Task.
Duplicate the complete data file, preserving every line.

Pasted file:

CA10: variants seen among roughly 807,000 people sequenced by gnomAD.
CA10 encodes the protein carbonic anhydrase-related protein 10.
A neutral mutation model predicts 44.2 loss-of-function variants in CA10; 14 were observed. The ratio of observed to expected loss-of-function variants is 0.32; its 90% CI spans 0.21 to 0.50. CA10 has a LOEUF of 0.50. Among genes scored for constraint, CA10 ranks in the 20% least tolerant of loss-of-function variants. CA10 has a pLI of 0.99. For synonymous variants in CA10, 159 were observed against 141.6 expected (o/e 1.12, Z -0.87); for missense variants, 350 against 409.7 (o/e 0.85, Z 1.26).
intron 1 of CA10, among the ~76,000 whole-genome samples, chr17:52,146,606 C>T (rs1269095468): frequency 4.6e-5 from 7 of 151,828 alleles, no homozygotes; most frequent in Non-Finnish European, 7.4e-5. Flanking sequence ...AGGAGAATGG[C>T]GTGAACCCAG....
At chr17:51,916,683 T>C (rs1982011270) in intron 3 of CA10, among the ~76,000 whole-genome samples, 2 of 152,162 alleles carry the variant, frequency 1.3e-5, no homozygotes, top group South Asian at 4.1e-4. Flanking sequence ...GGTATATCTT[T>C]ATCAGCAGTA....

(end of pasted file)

CA10: variants seen among roughly 807,000 people sequenced by gnomAD.
CA10 encodes the protein carbonic anhydrase-related protein 10.
A neutral mutation model predicts 44.2 loss-of-function variants in CA10; 14 were observed. The ratio of observed to expected loss-of-function variants is 0.32; its 90% CI spans 0.21 to 0.50. CA10 has a LOEUF of 0.50. Among genes scored for constraint, CA10 ranks in the 20% least tolerant of loss-of-function variants. CA10 has a pLI of 0.99. For synonymous variants in CA10, 159 were observed against 141.6 expected (o/e 1.12, Z -0.87); for missense variants, 350 against 409.7 (o/e 0.85, Z 1.26).
intron 1 of CA10, among the ~76,000 whole-genome samples, chr17:52,146,606 C>T (rs1269095468): frequency 4.6e-5 from 7 of 151,828 alleles, no homozygotes; most frequent in Non-Finnish European, 7.4e-5. Flanking sequence ...AGGAGAATGG[C>T]GTGAACCCAG....
At chr17:51,916,683 T>C (rs1982011270) in intron 3 of CA10, among the ~76,000 whole-genome samples, 2 of 152,162 alleles carry the variant, frequency 1.3e-5, no homozygotes, top group South Asian at 4.1e-4. Flanking sequence ...GGTATATCTT[T>C]ATCAGCAGTA....